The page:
THE OXFORD COMPANION TO FAIRY TALES Edited by Jack Zipes Oxford University Press 601 pp., $49.95
As familiar as childhood, as strange as dreams, fairy tales are easily comprehended by the young and the nave, yet have also attracted the assiduous attention of scholars and academics. For better or worse, Freudians, Jungians, folklorists, structuralists, formalists, historicists, Marxists, and feminists have all been busy explicating, analyzing, classifying, and deconstructing fairy tales.
Although they got their start in the oral tradition, fairy tales went on to become a noteworthy part of written literature. It is the literary fairy tale in particular that a new Oxford Companion is designed to illuminate. General editor Jack Zipes, his coeditors, and a host of contributors focus on the Western fairy tale from medieval to modern times, also paying some attention to influential Eastern tales, like "The Arabian Nights."
It is hard to convey the sheer variety of topics treated. There are entries on well-known authors and compilers of fairy tales, like Charles Perrault and Madame d'Aulnoy of 17th-century France, and, from the 19th century, the Grimm brothers, Clemens Brentano, and the Danish master, Hans Christian Andersen.
Anyone who supposes the fairy tale is a limited genre would do well to consider the amazing amplitude of a form that has attracted so many diverse talents: Alexander Pushkin, Ludwig Tieck, E.T.A. Hoffman, George MacDonald, Lewis Carroll, Charles Kingsley, Oscar Wilde, Maurice Maeterlinck, L. Frank Baum, J.M. Barrie, Sylvia Townsend Warner, J.R.R. Tolkien, C.S. Lewis, Salman Rushdie, Ursula Le Guin, Italo Calvino, and Naguib Mahfouz, to name just a few of the writers covered in this volume.
And writers are not the only creative spirits at work in the fairy tale realm. The Oxford Companion also looks at filmmakers like Walt Disney, puppeteers like Jim Henson, the composers, librettists, and choreographers of operas and ballets like "The Magic Flute" and "The Nutcracker," and, of course, the artists who have illustrated fairy tales, from Gustav Dor, Arthur Rackham, and Walter Crane to Lois Lenski, Tomi Ungerer, and Maurice Sendak. (Surprisingly, there's no mention of Goldilocks and those three bears.)
It seems right that a book about fairy tales should be illustrated, and the full- and half-page illustrations in "The Oxford Companion to Fairy Tales" well demonstrate the richness of the visual tradition.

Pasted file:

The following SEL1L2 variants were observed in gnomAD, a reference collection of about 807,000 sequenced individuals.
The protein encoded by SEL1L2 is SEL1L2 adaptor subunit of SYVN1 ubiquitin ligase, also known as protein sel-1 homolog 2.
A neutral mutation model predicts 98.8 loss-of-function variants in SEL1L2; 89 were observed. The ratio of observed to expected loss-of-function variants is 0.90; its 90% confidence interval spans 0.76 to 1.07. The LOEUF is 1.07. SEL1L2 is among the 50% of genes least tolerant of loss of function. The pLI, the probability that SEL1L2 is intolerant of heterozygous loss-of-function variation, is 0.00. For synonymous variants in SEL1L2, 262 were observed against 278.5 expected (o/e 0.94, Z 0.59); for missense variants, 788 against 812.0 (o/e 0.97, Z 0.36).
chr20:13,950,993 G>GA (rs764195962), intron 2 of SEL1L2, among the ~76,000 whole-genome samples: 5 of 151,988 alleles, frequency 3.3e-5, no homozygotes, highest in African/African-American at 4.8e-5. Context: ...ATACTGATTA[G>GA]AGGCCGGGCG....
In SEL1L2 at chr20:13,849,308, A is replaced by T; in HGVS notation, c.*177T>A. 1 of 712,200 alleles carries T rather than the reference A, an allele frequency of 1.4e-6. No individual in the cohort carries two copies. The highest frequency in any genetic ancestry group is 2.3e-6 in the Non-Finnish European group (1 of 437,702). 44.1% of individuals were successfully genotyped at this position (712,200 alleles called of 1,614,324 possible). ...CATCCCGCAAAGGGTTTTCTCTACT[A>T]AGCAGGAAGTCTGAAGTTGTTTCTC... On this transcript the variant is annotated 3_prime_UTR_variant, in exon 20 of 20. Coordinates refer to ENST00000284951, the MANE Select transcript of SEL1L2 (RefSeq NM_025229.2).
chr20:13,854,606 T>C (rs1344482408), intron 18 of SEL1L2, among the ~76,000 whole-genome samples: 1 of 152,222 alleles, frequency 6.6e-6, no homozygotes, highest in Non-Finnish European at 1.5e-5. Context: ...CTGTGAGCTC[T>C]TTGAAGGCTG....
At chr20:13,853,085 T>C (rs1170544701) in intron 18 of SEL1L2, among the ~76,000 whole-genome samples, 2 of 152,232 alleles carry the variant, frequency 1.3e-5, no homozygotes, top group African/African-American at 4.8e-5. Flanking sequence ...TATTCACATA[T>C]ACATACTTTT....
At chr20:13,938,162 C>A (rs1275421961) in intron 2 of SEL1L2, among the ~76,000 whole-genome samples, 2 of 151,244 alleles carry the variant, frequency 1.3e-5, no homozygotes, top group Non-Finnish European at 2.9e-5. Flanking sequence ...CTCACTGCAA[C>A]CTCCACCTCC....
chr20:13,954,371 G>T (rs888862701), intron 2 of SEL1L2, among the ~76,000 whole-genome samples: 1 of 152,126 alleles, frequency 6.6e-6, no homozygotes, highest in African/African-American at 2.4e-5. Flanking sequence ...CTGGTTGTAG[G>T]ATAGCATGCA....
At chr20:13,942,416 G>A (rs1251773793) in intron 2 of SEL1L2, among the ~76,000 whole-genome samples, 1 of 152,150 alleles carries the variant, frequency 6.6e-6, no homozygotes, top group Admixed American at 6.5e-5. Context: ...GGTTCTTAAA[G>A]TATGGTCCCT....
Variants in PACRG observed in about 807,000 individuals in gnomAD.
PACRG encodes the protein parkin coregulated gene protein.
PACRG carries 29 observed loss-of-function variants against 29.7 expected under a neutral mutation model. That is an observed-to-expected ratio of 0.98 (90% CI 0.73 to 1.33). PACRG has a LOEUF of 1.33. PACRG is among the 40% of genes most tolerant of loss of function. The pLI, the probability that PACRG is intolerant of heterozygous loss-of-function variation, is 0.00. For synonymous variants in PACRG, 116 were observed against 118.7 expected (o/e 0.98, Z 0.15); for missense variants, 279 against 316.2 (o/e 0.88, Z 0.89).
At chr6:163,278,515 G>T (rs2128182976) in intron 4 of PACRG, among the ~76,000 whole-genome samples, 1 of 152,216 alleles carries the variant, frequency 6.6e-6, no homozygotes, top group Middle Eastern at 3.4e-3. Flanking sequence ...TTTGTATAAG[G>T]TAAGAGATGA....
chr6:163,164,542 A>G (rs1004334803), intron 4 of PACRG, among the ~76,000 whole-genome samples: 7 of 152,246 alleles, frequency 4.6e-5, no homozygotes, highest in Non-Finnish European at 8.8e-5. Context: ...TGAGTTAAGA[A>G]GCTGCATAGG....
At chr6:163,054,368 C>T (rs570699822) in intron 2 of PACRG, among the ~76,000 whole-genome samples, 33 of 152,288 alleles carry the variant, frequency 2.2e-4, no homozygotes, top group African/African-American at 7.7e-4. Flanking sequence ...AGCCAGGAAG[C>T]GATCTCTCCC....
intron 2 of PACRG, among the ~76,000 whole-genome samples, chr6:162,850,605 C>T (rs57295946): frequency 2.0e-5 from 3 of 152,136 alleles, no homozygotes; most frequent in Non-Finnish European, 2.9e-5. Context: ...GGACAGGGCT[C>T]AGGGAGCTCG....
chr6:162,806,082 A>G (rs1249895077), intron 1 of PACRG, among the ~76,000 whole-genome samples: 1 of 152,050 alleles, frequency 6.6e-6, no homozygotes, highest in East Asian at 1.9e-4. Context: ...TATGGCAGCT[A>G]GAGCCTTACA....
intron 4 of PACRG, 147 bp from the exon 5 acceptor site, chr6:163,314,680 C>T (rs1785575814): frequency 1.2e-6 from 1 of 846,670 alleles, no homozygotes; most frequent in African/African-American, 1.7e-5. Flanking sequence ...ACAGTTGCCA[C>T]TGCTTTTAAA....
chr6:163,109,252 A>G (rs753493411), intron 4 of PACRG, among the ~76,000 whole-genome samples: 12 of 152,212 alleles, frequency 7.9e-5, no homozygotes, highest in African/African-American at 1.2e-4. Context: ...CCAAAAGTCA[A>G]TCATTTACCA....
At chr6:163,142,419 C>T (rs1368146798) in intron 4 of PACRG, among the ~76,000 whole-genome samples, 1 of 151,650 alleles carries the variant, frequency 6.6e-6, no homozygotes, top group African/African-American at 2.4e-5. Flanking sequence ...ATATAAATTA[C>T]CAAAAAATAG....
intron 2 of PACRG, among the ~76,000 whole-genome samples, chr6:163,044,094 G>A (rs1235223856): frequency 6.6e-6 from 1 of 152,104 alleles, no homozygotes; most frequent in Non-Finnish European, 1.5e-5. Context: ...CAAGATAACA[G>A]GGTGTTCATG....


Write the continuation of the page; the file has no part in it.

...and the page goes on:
Along with entries on the people who have helped create fairy tales, there are scads of detailed, informative, and analytical essays on the fairy tales themselves. The entry on "Little Red Riding Hood," for example, finds its first literary version in a 1697 collection by Charles Perrault and locates an earlier version among the oral tales of sewing circles. Whatever the version, it seems, the heroine usually manages not to be devoured by the big bad wolf, sometimes outsmarting him herself, other times being rescued by a huntsman. Moreover, we learn, "there have been hundreds of ... revisions by such gifted authors as ... James Thurber ... Angela Carter, and Tanith Lee in which the nature of ... gender stereotypes has been questioned. There are some tales in which a rambunctious grandmother eats up everyone; the wolf is a vegetarian and the girl a lesbian; the girl shoots the wolf with a revolver; and the girl seduces the wolf."
What is true for dark woodsy terrain also holds true for reference books: The reader should be able to see both the forest and the trees. "The Oxford Companion to Fairy Tales" achieves a fine balance between the specific and the broad overview. Along with all the entries on particular stories, writers, and artists, there are several long sections discussing the history and development of the fairy tale in various countries, including Britain and Ireland, Italy, Spain, France, Germany, Scandinavia, North America, and Slavic and Baltic nations. There are also long entries on topics like feminism and fairy tales, folklore and fairy tales, psychology and fairy tales, even advertising and fairy tales.
Packed with fascinating information, assembled with intelligence and care, this "Companion" is as helpful, reliable, and full of fresh surprises as a fairy godmother.
*Merle Rubin reviews books regularly for the Monitor.
(c) Copyright 2000. The Christian Science Publishing Society